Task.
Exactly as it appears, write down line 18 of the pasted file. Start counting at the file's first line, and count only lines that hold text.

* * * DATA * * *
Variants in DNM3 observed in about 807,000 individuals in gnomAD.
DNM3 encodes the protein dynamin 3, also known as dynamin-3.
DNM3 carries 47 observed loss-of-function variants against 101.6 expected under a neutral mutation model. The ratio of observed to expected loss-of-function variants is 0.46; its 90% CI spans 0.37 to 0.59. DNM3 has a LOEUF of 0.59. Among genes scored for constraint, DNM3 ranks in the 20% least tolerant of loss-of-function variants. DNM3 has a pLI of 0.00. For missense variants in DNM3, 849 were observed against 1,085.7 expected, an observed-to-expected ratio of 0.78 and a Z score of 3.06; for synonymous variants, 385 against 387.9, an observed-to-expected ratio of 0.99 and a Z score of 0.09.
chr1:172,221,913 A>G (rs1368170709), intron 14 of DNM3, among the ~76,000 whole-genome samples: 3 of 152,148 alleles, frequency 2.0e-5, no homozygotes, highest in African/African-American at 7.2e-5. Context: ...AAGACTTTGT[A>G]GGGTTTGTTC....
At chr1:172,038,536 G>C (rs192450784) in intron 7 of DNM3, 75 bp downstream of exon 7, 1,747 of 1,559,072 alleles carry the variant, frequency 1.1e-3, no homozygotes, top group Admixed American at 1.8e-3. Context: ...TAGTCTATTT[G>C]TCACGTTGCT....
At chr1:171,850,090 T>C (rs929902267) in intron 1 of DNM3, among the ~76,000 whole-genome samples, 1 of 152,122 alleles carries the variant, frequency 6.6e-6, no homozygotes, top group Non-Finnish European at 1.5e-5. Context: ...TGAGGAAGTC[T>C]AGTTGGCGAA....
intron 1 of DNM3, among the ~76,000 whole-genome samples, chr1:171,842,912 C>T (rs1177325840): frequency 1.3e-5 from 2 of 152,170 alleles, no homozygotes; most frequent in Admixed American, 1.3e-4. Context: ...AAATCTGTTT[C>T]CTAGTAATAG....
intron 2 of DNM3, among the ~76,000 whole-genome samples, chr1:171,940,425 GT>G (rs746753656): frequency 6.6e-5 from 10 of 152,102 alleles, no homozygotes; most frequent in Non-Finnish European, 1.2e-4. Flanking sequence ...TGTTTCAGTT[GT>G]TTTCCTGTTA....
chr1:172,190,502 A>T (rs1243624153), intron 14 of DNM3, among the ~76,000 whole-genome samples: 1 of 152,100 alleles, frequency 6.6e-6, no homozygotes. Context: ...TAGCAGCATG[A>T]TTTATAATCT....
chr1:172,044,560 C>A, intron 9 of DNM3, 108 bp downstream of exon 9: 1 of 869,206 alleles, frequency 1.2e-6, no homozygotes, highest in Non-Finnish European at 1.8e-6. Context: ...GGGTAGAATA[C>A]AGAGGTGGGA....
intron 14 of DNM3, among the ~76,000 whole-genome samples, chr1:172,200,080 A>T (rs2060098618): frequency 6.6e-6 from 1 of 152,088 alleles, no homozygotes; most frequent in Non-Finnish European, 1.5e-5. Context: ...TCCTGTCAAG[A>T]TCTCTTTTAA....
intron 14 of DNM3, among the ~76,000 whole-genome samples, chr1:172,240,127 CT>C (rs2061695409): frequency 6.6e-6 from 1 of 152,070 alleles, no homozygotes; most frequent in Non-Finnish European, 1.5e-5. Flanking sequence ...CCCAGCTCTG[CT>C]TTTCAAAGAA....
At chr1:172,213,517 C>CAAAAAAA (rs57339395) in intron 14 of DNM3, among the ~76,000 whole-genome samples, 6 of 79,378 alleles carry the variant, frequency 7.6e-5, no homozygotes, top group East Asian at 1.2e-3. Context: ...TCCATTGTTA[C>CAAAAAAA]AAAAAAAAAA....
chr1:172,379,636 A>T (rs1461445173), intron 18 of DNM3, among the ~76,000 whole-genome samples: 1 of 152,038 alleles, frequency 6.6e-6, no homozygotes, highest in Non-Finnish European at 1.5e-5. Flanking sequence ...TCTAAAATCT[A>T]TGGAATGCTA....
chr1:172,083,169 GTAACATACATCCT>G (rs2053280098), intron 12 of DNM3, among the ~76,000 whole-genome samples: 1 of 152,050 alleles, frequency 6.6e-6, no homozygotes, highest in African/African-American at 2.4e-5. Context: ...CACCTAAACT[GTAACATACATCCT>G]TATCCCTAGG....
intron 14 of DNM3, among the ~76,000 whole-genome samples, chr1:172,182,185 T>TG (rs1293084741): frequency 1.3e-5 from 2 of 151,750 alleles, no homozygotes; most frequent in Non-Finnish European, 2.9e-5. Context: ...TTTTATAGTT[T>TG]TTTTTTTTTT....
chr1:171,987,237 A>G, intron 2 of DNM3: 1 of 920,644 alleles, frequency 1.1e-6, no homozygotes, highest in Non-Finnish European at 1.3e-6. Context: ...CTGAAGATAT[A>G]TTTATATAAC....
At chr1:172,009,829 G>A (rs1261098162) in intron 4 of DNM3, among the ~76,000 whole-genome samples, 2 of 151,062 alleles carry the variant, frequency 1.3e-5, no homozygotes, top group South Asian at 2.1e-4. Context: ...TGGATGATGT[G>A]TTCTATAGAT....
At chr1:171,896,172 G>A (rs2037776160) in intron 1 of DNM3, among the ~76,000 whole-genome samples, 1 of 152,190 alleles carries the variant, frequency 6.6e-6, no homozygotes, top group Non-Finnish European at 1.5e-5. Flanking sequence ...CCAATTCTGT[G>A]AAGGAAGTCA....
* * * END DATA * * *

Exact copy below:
At chr1:172,009,829 G>A (rs1261098162) in intron 4 of DNM3, among the ~76,000 whole-genome samples, 2 of 151,062 alleles carry the variant, frequency 1.3e-5, no homozygotes, top group South Asian at 2.1e-4. Context: ...TGGATGATGT[G>A]TTCTATAGAT....